Working Together to Restore – A/Prof Adam Collison

How Christian faith encourages collaboration in research


From Luke’s Journal May 2023  |  Vol.28 No.2  |  Unity in Diversity 

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For all its faults and frustrations, contemporary healthcare in Australia is truly remarkable.  Our health system is able to offer hope and relief from the ravages of disease and the harsh realities of life in a fallen world.

Our modern expectations of health and longevity would have been unthinkable just generations ago. The methods and scholarship that have underpinned such advances sit alongside the structures and practices that have made it broadly available across society.

Christian thought has contributed to these changed circumstances across a broad spectrum: from the rule of law through labour conditions; capitalist systems that have fostered the distribution and refinement of modern practice; to both public investment and philanthropic drivers of early discovery.

Here, we will focus on the changing shape of medical research, the increased need for collaborative engagement across interdisciplinary teams and how a Christian worldview informs our contribution. It is one practical expression of the CMFDA vision of what it means “to be transformed by Christ, transforming healthcare”.

At its core, medical research is driven by a desire to deliver better health outcomes. This is both directly to patients in particular, and also across society at large, with public health and prevention strategies integrated into government policy beyond the health system.

Investment in research has consistently been shown to deliver these better health outcomes – not just through new and improved therapeutic options, but also through clinical research activity, which is associated with improved patient outcomes across the board, even for patients not directly involved in clinical trials or new treatments.1 

“The improvement of inpatient experience overall appears to be linked to the research-active staff who drive better information provision across the service, particularly regarding medication management.”

Since clinical research activity is a minute fraction of hospital activities, these relationships are imperfectly understood. The improvement of inpatient experience overall appears to be linked to the research-active staff who drive better information provision across the service, particularly regarding medication management. Thus, these relationships have been found, not only in traditional academic medical settings, but also smaller district hospitals across the national health service.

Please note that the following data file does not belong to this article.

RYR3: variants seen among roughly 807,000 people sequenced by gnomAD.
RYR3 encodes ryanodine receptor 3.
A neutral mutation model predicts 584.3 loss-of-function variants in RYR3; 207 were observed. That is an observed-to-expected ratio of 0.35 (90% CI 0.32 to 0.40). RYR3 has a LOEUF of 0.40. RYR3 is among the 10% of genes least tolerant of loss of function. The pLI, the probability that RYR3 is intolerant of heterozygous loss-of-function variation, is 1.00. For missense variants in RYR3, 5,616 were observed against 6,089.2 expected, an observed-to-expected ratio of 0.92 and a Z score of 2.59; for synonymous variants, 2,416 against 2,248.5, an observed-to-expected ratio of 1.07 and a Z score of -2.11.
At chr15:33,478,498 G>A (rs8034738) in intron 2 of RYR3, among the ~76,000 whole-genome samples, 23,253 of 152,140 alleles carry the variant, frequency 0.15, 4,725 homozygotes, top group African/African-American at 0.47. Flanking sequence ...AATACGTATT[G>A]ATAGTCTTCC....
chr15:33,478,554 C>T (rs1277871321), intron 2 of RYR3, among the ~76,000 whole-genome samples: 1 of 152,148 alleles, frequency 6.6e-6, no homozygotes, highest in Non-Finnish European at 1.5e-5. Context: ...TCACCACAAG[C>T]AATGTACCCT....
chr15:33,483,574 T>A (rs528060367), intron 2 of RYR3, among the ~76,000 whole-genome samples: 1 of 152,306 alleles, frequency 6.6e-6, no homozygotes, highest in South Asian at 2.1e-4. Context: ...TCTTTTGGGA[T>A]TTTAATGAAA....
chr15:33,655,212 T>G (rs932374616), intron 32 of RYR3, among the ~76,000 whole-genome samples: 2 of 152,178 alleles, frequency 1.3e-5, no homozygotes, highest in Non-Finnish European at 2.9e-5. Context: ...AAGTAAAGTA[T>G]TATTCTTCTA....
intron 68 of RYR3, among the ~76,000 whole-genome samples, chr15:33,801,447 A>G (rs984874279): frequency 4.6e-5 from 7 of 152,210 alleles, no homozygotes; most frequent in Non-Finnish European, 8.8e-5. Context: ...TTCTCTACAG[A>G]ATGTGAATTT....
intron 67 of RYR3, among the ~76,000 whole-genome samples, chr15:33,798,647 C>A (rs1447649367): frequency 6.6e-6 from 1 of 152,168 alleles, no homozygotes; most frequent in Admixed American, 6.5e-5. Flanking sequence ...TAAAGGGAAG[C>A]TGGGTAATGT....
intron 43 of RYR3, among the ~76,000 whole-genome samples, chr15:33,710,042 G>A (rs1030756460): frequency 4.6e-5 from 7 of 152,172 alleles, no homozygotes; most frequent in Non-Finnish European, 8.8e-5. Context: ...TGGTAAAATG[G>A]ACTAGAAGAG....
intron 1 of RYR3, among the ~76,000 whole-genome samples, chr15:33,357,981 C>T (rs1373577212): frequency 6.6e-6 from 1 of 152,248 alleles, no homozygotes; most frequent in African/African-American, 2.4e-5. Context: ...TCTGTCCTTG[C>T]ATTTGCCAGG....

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As emerging approaches are increasingly sophisticated, modern medical research frequently requires input from teams of professionals with intersecting skill sets. Internationally, funding bodies are increasingly recognising these requirements, with Australia’s Medical Research Future Fund and the National Health and Medical Research Council (NHMRC) both encouraging team contributions in their primary funding schemes. There are ongoing efforts to examine structures and facilitate more efficient access to both resources and expertise. There is significant scholarship identifying the optimal approaches necessary to contribute to interprofessional collaboration in both the clinical and research environments. Considerable progress is being made. But it takes significant time, energy and commitment to chase limited funding and see projects through the many day-to-day hurdles – energies that could easily be invested in more apparently urgent and often more gratifying pursuits.

“At a local level, one of the primary reasons research doesn’t happen is that other people are difficult to work with.” 

At a local level, one of the primary reasons research doesn’t happen is that other people are difficult to work with.  Our systems are poorly set up to facilitate research endeavours and often create additional challenges in navigating the unfamiliar processes required. However, the core failure is all too often that one of the individual relationships is not strong enough to work together to overcome these obstacles.